News Article | November 3, 2016
RESEARCH TRIANGLE PARK, N.C., CAMBRIDGE, England, and CONCORD, Mass., Nov. 03, 2016 (GLOBE NEWSWIRE) -- Inivata, a global clinical cancer genomics company employing a revolutionary approach to circulating tumor DNA (ctDNA) analysis to improve personalized healthcare in oncology, and N-of-One, Inc., a precision medicine oncology decision support company, are pleased to announce a new partnership to support analysis of patient cases for Inivata's InVision® liquid biopsy product line. This partnership will enable the delivery of clear, easy to interpret patient reports, providing physicians with a wealth of genomic information at their fingertips. Inivata's revolutionary approach to ctDNA analysis delivers industry leading sensitivity across a broad panel of clinically relevant genomic alterations. The Next-Generation Sequencing-based method utilizes eTAm-Seq(TM), a proprietary amplification process, prior to sequencing and advanced analytical methods that enables the separation of true cancer mutations from background noise. The collaboration with N-of-One will provide each physician with an individualized liquid biopsy report based on their cancer patient's unique genomic signature. N-of-One's oncologists and Ph.D. scientists will also provide the analysis needed to assess current treatments, analyze potential novel mutations and allow the oncologists to make more informed decisions for treatment strategies. Inivata has also recently announced the launch of a large-scale, prospective clinical validation study in non-small cell lung cancer and additional studies are currently underway. "N-of-One's experience in curating complex genomic information and translating this data into clinically relevant results on tens of thousands of patients has enabled them to develop a market-leading database and unparalleled expertise. We are excited to access their capabilities to ensure we provide physicians with the most actionable information in our easy to interpret report," said Michael Stocum, CEO of Inivata. N-of-One will support Inivata's liquid biopsy assay by providing oncologists and pathologists with the most relevant oncology treatment options through the analysis of each patient's unique molecular profile. The N-of-One solution will integrate the interpretation of multiple molecular tests on a patient to provide a comprehensive view of the cancer and, leveraging N-of-One's proprietary database, will identify individualized treatment options, including clinical trials for consideration by the oncologist. N-of-One's experience in oncology, and specifically liquid biopsies, makes them uniquely capable of interpreting the Inivata liquid biopsy test. "We are pleased to partner with Inivata in support of the launch of their revolutionary ctDNA platform capabilities," said Chris Cournoyer, CEO of N-of-One. "Pairing Inivata's highly sensitive analysis of actionable mutations with N-of-One's ability to analyze the data of novel mutations has the potential to help guide more personalized treatment decisions for patients prior to and throughout the cancer care continuum. About Inivata Inivata, a clinical cancer genomics company, is employing the precision of ctDNA analysis to improve personalized healthcare in oncology. Using a simple blood test, ctDNA analysis is a new tool for oncologists to detect cancer, stratify patients, and assess individual response to treatment. Inivata's proprietary technology is based on pioneering research from the Rosenfeld Lab at the Cancer Research UK Cambridge Institute (CRUK-CI), University of Cambridge. Inivata's Invision® ctDNA assay provides a highly sensitive analysis of a highly-select gene panel to identify actionable mutations for oncologists to treat their patients optimally. In 2016, Inivata opened a CLIA lab in Research Triangle Park, NC and launched a large-scale, prospective clinical validation study of the Company's ctDNA analysis in lung cancer. For more information and a full listing of investors, please go to www.inivata.com. Follow us on Twitter @Inivata. About N-of-One N-of-One is a leader in identifying patient-specific treatment options for precision medicine in oncology by leveraging its proprietary knowledgebase and its team of oncologists and Ph.D. scientists to integrate genomic data from multiple tests. Using N-of-One solutions can standardize and accelerate genomic clinical interpretation and molecular decision support while saving time and money. N-of-One's actionable solutions have provided treatment options, including clinical trials, to clinicians for tens of thousands of patient cases across hundreds of cancer types. N-of-One partners with leading hospital systems, cancer centers, and commercial labs around the world. For more information, please visit www.n-of-one.com or call 617-202-9808.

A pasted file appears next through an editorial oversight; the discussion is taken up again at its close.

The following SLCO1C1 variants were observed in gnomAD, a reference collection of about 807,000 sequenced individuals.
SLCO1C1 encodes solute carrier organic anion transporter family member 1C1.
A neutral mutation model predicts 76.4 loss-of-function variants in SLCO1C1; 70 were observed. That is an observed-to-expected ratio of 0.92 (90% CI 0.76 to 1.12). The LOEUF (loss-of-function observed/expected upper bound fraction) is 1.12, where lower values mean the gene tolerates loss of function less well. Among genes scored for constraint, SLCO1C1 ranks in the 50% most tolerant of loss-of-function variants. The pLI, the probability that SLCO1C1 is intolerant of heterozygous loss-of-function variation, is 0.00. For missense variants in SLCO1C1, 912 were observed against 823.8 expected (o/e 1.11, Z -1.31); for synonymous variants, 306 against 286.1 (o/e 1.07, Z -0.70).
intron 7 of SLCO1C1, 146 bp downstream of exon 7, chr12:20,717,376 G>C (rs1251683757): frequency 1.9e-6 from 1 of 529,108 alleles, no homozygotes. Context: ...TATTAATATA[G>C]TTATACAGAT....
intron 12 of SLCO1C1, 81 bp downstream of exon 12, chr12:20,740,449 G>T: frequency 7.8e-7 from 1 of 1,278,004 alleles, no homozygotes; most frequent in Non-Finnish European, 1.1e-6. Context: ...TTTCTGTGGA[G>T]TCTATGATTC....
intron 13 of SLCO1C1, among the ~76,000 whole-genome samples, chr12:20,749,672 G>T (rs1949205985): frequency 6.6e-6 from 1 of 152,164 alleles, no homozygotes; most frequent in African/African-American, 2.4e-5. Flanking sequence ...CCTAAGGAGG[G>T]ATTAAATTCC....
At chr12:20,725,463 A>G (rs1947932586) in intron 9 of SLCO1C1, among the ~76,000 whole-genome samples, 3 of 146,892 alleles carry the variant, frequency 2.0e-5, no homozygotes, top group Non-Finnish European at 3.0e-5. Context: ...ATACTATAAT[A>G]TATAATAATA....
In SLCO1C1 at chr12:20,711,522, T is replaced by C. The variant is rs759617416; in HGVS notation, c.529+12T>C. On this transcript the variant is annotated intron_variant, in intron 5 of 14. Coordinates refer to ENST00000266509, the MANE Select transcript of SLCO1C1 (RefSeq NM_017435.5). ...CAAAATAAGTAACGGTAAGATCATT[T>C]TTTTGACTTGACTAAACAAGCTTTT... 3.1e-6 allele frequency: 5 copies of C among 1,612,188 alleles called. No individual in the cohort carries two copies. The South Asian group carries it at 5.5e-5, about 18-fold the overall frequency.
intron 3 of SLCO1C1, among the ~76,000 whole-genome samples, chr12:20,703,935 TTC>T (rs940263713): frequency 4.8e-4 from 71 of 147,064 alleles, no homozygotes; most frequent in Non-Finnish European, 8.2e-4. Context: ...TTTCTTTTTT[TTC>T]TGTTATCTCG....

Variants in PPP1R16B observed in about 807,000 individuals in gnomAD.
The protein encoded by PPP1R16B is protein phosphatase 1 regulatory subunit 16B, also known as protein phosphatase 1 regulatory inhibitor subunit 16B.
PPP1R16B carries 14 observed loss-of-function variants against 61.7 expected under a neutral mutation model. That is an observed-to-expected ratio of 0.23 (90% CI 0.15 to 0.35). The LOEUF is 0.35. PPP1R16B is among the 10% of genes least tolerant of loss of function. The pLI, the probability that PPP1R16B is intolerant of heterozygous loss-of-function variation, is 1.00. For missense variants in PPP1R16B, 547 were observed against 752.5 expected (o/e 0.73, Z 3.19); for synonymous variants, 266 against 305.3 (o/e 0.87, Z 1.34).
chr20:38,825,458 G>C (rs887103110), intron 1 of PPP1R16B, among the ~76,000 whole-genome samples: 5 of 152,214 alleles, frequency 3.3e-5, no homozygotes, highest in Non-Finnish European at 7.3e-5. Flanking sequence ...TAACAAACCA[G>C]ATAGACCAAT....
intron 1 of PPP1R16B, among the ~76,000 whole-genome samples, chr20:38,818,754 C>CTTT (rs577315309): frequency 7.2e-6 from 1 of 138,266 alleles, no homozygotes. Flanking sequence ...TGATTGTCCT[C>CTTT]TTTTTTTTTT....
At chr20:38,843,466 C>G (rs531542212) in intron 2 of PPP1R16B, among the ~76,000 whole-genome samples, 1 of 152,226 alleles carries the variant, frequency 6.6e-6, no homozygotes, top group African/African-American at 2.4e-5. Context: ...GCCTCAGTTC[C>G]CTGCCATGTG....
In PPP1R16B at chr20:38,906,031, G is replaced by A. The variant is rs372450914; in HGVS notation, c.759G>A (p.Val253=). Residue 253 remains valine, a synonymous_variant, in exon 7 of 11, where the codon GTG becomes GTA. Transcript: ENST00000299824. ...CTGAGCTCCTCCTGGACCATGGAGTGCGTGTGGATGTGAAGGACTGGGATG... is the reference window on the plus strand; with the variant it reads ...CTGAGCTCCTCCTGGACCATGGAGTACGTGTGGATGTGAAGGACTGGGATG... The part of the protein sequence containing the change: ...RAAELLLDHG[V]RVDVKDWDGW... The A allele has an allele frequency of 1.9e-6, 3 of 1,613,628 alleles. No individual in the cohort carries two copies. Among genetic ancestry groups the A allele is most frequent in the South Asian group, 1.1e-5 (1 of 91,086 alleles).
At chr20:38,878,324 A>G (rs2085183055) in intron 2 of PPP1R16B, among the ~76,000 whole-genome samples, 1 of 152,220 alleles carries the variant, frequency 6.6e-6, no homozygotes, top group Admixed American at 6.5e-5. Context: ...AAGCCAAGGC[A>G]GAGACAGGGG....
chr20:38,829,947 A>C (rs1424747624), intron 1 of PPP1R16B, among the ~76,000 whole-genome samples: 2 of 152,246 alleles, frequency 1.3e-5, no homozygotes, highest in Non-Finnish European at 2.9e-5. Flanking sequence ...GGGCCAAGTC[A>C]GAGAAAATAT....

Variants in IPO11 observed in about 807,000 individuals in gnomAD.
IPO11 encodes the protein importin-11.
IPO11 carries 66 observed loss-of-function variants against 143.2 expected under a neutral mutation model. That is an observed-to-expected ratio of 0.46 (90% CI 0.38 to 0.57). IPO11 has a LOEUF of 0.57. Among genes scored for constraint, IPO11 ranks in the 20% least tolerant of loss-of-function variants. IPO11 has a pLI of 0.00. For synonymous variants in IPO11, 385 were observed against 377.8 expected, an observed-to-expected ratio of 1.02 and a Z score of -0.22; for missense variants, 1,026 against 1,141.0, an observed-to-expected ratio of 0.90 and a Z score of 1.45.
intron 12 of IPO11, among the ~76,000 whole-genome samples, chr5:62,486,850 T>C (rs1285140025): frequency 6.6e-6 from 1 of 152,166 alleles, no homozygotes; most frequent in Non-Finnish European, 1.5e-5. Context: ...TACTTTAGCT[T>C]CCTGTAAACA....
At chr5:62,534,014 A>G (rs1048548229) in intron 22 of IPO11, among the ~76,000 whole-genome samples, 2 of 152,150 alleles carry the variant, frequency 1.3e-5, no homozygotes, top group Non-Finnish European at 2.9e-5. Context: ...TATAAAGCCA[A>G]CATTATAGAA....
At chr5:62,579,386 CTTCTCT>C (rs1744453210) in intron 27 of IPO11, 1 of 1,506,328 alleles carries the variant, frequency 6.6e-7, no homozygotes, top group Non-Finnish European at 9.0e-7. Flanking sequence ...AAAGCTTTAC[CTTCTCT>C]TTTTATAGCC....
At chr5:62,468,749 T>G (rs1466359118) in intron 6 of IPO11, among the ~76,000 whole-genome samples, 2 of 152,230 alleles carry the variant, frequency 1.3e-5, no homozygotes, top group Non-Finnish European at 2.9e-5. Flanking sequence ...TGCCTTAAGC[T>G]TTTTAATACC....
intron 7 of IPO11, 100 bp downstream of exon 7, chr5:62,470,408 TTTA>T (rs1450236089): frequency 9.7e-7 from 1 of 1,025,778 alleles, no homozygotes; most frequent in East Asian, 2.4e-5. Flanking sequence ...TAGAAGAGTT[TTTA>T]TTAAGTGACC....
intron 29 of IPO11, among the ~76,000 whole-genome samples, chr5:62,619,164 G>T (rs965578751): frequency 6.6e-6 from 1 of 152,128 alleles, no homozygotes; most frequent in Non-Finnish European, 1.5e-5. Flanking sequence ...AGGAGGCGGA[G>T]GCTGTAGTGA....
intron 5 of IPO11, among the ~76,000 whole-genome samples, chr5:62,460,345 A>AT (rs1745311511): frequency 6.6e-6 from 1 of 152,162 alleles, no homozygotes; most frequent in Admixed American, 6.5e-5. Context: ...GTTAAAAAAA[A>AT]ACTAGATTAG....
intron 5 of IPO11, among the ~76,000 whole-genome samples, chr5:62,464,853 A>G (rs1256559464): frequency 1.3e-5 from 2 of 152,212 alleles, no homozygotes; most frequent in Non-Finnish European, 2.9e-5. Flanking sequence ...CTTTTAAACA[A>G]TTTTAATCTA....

News Article | November 8, 2016